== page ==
But his resume isn't always what people want to talk -- or read -- about. It's his love life that lures readers.

Pitt is reluctant to discuss his personal life, fearing a repeat of what he went through with ex-fiancee Gwyneth Paltrow. A worldwide audience followed the couple's every move, at first sighing over their storybook romance, then clucking and wagging fingers over their sad breakup.

Now he's dating actress Jennifer Aniston, and being scolded by gossip columnists for not posing for pictures with her at the premiere of `Meet Joe Black.'

`Hollywood is a minefield,' is all Pitt has to say on the subject, cradling a Marlboro Light between his fingertips, watching blue smoke rise toward the ceiling.

While accepting the reality of his fame, such a reality doesn't always sit right with the corn-fed son of Middle America who spent nearly four years studying in the journalism school at the University of Missouri.

`The main thing I remember is the code -- the code that journalists are bound to write unbiased accounts of people, places and events,' he says. `That's always stuck with me. It's a lofty code. It's tough to be unbiased, I mean who could actually be unbiased? But as a goal, that's what always kept popping up in my head when the crazy gossip that spins out of control would come out about me. `Too often, it comes from what I believe to be petty people. I mean, I just can't see someone as a kid going, `When I grow up I'm going to write terrible things about people and print them.'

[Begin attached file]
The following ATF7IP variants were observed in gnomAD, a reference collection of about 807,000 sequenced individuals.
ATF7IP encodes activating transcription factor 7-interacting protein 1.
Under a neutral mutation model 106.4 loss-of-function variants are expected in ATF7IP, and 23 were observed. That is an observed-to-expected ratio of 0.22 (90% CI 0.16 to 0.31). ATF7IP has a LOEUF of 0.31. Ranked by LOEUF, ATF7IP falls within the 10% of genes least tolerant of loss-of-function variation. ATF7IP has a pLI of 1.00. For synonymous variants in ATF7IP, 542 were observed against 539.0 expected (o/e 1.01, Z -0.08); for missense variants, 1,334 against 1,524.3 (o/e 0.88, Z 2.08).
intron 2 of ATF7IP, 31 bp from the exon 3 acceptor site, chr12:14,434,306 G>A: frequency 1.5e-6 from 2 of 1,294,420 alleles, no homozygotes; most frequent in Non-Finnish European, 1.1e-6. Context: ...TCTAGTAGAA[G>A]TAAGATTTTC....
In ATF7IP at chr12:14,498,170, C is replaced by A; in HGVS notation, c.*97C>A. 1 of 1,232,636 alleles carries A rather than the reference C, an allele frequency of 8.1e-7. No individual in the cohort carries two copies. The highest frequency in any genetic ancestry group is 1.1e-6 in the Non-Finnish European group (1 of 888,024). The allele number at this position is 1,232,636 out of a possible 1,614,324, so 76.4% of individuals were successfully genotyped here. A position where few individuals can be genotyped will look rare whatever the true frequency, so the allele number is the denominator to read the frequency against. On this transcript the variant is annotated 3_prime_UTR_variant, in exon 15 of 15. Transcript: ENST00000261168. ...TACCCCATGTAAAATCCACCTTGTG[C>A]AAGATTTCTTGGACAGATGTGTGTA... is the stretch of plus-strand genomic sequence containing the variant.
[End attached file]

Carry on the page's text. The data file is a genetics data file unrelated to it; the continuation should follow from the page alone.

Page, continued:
After experiencing the best and the worst of society's infatuation with celebrities, Pitt is philosophical about how it can affect humanity as a whole.

`The real evil of it is just that it brings us down little by little, where we don't notice, but it just brings us down a notch,' he says, paraphrasing a tract from the movie `Broadcast News.'

`I think a line must be drawn in the press between what's rumored and what's opinion and what's fact. Most things are just opinion and they're printed up as fact. Unfortunately, people don't look that far. They just take what comes in little quotation marks as gospel.

`Innocents become scapegoats all the time,' he says. `I feel what's personal relationship-wise should be kept that way.'